Heroes of the Garment District - Example #1: Amy Matto

Translation: Made in the USA

"Nowadays, a new designer would have to be crazy to design and make clothing in New York City."
- Everyone

Luckily, the Italian word for "crazy" is Matto. And if this designer is crazy, Amy Matto is crazy like a fox.  (And I am just crazy enough to check the translation.)

The wisdom of this company's choice to produce here in NYC's Garment district is beautifully conveyed in this article, featuring an interview with Ms. Matto by the International Business Times.

This isn't some harebrained scheme.  They've been here since 2009, and that's 6 years now! Having recently completed a round of hiring additional staff, this enthusiastic and energetic bunch is growing beautifully, while promoting their mission to expand their line, which is represented in boutiques across the country.

How do I know this?  Last week, after a warm email exchange with a member of the staff, I asked to come in and see the work they are doing. Yesterday, I was delighted to enter their clean, brightly lit showroom, shipping room and workspace, where rows of garments were beautifully displayed on racks amid a handful of busy design, administrative and production staffers.  

Great clothes? Yes.
Affordable? Yes.
Where can I buy them? Lots of places. 
Click here for a list of stockists.

Now, for the skeptics among you, I must add that this is not a sponsored post.  This is my genuine impression of a solid garment district player.  Make no mistake; from what I can see, the architecture of a great future for Amy Matto is represented here, and this is one I am very happy to support.

The line is very American in appearance, and I mean that in the best way. Great for the modern woman's lifestyle; you can wear it to work, wear it out afterward, and then wear it on the weekend...  It's workwear that works anywhere.  A classically youthful color palette, uncomplicated, well-made, and versatile in its appropriateness.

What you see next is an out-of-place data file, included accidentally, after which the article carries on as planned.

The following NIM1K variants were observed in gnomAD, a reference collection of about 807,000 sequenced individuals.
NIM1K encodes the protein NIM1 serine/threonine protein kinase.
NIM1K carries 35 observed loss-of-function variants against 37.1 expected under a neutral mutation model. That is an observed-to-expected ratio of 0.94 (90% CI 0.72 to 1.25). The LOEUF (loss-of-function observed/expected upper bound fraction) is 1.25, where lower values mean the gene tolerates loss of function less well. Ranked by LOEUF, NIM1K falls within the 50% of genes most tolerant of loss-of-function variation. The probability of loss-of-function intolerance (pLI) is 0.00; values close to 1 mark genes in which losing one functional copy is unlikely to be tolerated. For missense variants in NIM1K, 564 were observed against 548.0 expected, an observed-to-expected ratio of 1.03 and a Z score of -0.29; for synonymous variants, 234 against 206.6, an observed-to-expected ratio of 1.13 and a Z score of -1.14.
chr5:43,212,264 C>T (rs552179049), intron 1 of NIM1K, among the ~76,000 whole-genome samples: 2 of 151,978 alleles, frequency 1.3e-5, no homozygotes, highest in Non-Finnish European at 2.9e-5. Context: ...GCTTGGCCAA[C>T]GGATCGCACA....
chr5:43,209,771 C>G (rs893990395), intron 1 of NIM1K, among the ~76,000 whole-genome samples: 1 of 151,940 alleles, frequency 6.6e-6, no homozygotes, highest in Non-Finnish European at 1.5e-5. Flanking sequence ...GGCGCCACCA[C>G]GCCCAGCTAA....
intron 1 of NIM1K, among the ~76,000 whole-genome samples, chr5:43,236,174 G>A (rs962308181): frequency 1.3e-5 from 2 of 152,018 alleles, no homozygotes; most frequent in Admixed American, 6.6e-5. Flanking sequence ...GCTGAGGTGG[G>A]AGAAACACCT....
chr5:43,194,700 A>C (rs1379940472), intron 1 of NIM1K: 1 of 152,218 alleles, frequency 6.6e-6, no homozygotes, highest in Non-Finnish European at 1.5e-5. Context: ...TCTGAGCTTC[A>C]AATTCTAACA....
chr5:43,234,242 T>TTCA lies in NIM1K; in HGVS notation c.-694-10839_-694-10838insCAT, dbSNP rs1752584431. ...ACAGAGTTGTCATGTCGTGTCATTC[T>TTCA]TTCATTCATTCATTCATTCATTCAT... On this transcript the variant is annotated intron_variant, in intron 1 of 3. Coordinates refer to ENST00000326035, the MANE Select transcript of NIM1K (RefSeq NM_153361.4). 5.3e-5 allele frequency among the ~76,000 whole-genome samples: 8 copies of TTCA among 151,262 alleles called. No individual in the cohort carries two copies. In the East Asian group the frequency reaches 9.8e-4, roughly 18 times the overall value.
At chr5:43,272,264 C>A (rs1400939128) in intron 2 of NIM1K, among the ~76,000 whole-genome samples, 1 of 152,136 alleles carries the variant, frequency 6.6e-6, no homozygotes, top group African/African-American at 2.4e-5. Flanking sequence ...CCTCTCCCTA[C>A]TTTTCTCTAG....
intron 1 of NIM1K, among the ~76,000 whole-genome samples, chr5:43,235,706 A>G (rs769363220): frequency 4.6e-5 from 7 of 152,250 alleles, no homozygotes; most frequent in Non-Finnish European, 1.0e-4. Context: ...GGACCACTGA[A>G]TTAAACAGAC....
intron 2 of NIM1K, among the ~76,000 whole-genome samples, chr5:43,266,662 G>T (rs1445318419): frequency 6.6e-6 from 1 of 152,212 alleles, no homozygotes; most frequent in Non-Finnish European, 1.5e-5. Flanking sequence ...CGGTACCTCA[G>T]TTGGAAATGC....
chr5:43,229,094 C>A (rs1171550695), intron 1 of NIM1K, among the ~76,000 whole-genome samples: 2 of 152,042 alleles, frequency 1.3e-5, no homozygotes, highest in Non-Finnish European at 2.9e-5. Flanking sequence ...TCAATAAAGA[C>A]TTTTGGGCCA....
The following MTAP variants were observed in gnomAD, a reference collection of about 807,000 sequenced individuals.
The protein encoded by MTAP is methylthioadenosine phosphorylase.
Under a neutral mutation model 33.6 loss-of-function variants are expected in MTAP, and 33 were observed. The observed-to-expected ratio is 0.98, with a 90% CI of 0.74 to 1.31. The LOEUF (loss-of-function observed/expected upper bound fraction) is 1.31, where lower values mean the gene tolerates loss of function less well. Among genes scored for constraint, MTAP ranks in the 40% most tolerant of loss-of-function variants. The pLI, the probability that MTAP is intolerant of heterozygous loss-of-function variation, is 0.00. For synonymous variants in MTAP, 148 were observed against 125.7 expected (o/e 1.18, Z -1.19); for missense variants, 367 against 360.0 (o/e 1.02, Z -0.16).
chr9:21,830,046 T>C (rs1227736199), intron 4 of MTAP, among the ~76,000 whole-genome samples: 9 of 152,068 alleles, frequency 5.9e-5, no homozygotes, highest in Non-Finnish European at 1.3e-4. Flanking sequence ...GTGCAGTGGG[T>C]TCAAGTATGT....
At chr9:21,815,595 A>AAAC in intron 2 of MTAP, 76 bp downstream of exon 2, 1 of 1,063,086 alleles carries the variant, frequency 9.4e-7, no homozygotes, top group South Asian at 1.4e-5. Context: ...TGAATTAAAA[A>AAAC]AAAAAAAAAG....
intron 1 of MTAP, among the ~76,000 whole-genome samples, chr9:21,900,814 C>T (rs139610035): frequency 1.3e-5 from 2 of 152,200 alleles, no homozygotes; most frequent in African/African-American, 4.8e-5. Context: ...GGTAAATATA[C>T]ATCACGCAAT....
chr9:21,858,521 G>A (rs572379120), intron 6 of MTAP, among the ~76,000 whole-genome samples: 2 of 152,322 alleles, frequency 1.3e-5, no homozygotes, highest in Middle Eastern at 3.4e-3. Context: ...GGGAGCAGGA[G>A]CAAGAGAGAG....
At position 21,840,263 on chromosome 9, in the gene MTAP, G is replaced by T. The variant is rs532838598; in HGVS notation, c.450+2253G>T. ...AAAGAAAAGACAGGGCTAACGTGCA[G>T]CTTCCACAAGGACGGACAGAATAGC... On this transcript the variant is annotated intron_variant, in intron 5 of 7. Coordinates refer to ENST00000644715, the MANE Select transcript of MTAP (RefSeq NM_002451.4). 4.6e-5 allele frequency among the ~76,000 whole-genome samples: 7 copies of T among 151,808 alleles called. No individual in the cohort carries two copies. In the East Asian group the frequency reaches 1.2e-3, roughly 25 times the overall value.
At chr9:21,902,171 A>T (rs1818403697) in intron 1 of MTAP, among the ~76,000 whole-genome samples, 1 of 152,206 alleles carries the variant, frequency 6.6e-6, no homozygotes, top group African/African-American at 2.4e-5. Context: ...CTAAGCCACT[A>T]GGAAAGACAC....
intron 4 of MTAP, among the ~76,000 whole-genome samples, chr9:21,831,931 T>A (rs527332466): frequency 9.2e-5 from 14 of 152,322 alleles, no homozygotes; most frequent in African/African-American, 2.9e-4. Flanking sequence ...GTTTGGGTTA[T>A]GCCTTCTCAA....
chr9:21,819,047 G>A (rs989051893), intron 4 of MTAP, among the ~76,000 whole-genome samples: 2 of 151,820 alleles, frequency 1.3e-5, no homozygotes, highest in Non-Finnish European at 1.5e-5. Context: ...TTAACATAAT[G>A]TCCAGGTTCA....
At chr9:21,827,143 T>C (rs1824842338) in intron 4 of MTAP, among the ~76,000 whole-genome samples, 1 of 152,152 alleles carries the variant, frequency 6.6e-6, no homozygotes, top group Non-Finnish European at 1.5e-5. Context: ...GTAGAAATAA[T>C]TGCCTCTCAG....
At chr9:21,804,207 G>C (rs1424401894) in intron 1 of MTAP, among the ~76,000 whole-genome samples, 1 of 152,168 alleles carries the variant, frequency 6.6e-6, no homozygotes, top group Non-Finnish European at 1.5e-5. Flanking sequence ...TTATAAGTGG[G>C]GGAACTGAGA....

Here are some examples to fall in love with:

A close look at a a great fabric..

A whisper of a delicate dress, light as air...

An eyelet dress, perfect for summer...

A fur vest (FAUX!)... and so DREAMY for fall!

Get this... it has a matching jacket!

So, is it possible to make clothing here in New York City?  Apparently so!  Can the garment district still support it?  Apparently so! Will we support it as shoppers?  Time will tell!

And, if my opinion (or your own) isn't enough, they do have an impressive celebrity following as well.

The fall line looks really promising.  I look forward to watching them grow!

Amy Matto
(Showroom and New York HQ)
270 West 38th Street
Suite 1202
New York, NY 10018

Friday, July 3, 2015

Betcha' didn't know about Evermax

And if you did, you're more observant (or in the know?) than I am, my friend. How many years do I need to walk past a place before I actually enter?  Maybe a decade or more, sometimes, apparently.